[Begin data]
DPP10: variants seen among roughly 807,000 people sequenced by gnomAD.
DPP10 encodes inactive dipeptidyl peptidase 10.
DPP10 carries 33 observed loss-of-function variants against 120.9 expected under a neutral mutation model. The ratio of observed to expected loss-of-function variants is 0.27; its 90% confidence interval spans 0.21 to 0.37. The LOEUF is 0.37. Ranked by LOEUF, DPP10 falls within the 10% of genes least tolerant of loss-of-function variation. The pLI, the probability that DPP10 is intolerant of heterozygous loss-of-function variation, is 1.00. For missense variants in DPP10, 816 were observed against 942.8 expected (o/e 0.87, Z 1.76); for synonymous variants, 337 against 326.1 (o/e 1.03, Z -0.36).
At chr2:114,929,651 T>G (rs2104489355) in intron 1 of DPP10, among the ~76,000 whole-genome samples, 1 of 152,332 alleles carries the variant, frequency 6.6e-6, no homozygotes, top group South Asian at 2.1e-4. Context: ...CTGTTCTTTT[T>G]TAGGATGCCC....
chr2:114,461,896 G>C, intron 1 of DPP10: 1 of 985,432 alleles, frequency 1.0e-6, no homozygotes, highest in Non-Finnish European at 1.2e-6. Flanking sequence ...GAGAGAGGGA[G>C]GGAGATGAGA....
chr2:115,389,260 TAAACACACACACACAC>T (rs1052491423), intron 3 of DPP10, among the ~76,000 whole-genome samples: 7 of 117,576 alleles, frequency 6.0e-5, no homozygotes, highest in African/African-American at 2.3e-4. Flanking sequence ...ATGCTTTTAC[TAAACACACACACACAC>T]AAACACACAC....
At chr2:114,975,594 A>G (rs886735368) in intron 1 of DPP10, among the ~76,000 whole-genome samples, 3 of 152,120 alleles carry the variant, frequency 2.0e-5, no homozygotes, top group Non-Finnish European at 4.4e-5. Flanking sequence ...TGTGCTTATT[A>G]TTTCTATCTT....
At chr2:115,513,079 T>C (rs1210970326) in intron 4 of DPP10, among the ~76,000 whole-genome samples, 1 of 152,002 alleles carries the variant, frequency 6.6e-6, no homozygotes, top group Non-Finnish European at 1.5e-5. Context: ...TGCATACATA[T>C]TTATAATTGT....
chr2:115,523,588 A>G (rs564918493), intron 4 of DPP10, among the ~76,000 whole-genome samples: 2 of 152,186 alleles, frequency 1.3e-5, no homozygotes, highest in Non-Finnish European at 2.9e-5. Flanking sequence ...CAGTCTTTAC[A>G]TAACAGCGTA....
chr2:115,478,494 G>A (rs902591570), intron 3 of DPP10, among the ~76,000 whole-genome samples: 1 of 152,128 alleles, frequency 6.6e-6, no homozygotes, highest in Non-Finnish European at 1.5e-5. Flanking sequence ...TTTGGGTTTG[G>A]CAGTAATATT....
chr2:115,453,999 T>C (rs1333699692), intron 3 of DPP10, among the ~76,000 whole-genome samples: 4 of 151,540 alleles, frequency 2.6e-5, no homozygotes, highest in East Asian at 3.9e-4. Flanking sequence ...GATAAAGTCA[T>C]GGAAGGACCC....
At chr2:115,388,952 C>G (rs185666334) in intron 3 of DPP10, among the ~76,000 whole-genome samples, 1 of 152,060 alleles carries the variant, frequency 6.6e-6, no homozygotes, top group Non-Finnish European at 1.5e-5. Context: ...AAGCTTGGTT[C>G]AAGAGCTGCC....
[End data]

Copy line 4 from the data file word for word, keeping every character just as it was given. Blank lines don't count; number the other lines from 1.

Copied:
At chr2:114,929,651 T>G (rs2104489355) in intron 1 of DPP10, among the ~76,000 whole-genome samples, 1 of 152,332 alleles carries the variant, frequency 6.6e-6, no homozygotes, top group South Asian at 2.1e-4. Context: ...CTGTTCTTTT[T>G]TAGGATGCCC....